RICHARD PARR It is often said in theatre companies that there is more drama off stage than on. That is certainly the case in Harlequinade, a Terence Rattigan farce.
It is often said in theatre companies that there is more drama off stage than on.
That is certainly the case in Harlequinade, a Terence Rattigan farce which revolves around Arthur Gosport and his wife, Edna Selby, who run a touring company, presented by the Watlington Players.
It is the opening night of their production of Shakespeare's Romeo and Juliet, and the cast are taking part in last minute rehearsals, but the fictional drama is interrupted by real life drama when skeletons start appearing from Arthur's cupboard.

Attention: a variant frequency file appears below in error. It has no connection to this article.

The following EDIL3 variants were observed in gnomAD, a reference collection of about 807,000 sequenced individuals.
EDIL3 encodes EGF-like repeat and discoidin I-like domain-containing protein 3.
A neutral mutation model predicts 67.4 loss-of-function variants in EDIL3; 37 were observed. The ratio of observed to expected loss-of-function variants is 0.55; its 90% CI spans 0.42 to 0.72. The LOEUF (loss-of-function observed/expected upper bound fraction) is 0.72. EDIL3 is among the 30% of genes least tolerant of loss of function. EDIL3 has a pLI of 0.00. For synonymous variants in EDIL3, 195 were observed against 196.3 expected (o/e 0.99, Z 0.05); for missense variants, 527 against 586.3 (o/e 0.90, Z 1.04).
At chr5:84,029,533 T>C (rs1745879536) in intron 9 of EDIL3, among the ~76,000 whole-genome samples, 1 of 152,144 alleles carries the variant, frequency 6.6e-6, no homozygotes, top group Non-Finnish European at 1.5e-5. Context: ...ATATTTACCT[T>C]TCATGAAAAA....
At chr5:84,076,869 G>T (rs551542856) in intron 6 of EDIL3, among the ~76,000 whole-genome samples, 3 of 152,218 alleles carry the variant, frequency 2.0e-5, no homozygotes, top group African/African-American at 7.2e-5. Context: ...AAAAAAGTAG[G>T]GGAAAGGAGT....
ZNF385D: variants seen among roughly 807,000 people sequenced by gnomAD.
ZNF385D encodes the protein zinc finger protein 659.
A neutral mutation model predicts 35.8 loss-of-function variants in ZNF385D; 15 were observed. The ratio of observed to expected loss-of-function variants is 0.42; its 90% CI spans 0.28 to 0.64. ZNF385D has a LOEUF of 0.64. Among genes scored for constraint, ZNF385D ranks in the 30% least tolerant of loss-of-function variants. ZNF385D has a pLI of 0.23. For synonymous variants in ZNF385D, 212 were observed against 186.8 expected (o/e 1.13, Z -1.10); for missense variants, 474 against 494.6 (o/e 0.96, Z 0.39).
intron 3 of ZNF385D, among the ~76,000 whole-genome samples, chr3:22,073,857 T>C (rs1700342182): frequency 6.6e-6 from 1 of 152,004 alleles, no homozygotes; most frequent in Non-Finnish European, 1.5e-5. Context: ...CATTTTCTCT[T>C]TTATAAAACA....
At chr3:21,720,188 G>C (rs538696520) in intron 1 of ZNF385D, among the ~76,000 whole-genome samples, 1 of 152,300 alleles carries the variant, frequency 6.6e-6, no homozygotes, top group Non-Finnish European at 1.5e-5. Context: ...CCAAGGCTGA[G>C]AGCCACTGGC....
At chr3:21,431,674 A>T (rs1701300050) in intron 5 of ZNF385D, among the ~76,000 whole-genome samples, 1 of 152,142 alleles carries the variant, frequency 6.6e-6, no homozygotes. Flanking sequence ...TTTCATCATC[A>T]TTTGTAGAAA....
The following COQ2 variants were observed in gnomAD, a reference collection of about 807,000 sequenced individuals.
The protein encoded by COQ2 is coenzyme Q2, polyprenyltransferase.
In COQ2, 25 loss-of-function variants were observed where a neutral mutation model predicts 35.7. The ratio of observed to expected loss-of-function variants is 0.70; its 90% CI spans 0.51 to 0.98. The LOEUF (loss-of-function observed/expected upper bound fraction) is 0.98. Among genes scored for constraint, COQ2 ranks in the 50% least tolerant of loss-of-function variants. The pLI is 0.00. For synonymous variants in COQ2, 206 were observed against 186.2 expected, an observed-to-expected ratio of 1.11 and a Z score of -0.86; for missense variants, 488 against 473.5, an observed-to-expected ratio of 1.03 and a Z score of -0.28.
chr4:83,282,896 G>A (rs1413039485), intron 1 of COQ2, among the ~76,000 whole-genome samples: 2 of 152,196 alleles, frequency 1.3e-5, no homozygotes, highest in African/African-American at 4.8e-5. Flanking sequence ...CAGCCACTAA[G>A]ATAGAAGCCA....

On Friday Peter Fiddling gave a wonderfully over the top performance as Arthur, the ageing actor, trying to convince everyone he is young enough to play Romeo.
Helen Fradley was hilarious as his wife Edna. In her blonde wig and from her lofty balcony, Miss Fradley was reminiscent of
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comedy experts Su Pollard and Penelope Keith.
The leading players were well supported by David Wagg as the frustrated stage manager, Eileen Haynes, as Dame Maud Gosport, Julie Mullin as Arthur's “lost” daughter and Jenny Lewis as the strong-willed Joyce Langland.
Farce is not to everyone's taste but the cast did suitable justice to their script.